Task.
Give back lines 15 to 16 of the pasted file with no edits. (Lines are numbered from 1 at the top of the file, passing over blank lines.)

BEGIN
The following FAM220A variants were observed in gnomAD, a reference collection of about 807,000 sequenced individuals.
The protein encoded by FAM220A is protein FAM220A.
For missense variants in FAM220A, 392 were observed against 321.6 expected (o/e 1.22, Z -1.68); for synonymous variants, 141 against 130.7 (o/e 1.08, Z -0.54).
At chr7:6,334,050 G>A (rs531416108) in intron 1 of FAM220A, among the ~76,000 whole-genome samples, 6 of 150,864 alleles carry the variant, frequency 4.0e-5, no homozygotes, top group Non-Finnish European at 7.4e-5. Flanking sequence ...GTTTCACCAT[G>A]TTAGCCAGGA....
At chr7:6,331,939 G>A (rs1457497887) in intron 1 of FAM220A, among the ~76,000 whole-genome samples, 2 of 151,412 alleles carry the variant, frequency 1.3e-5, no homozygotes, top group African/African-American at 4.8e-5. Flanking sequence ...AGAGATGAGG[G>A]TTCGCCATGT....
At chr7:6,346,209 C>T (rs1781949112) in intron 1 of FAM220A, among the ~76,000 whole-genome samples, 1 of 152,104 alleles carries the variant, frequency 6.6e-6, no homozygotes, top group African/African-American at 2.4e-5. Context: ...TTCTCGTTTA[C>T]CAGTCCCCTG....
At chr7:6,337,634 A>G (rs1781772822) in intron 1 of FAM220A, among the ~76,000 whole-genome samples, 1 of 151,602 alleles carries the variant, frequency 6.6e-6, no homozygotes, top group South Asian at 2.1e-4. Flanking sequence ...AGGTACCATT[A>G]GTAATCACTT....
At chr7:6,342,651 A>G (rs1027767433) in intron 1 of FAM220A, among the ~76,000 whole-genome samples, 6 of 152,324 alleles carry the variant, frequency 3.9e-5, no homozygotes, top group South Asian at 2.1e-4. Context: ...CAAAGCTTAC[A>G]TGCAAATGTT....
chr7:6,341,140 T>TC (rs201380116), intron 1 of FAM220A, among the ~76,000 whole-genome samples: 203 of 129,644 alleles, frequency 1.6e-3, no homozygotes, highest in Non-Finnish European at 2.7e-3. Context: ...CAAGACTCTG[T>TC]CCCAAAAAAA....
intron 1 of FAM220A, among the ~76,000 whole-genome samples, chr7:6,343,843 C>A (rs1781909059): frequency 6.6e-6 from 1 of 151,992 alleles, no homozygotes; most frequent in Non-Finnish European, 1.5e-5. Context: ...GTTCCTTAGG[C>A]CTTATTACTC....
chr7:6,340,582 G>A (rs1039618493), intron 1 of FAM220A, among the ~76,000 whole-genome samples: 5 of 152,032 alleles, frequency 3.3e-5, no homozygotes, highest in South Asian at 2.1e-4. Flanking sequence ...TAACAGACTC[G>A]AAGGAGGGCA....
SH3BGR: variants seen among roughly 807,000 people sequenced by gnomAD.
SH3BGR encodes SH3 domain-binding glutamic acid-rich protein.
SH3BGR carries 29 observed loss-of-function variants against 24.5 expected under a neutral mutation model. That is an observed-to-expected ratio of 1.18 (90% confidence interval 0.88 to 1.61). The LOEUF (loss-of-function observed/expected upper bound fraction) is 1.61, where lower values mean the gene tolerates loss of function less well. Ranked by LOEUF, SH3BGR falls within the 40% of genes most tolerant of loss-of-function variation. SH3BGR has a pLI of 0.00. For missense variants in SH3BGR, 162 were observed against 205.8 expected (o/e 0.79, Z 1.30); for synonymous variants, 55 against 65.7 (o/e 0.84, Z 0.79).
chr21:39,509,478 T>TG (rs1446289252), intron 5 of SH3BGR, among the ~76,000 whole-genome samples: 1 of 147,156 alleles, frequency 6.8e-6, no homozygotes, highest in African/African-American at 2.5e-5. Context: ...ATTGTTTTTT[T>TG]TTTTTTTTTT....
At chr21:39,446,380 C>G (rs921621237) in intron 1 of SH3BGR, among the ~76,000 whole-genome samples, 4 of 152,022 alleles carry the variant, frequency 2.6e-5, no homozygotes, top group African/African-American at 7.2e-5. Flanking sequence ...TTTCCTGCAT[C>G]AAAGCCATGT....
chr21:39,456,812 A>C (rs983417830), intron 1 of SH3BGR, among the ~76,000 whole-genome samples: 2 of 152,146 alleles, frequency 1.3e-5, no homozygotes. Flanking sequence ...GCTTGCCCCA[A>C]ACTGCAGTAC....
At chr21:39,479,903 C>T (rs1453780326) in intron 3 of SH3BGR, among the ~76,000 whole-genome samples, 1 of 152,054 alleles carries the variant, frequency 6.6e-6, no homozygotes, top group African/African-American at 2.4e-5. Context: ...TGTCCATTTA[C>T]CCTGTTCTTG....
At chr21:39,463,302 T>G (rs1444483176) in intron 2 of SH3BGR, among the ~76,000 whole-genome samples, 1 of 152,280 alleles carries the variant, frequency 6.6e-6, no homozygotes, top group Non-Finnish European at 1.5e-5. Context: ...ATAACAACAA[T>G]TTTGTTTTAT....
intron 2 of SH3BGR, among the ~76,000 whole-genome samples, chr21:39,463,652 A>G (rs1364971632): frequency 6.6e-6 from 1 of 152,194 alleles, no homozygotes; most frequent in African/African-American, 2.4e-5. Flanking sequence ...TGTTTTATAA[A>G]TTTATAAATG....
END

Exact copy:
chr21:39,509,478 T>TG (rs1446289252), intron 5 of SH3BGR, among the ~76,000 whole-genome samples: 1 of 147,156 alleles, frequency 6.8e-6, no homozygotes, highest in African/African-American at 2.5e-5. Context: ...ATTGTTTTTT[T>TG]TTTTTTTTTT....
At chr21:39,446,380 C>G (rs921621237) in intron 1 of SH3BGR, among the ~76,000 whole-genome samples, 4 of 152,022 alleles carry the variant, frequency 2.6e-5, no homozygotes, top group African/African-American at 7.2e-5. Flanking sequence ...TTTCCTGCAT[C>G]AAAGCCATGT....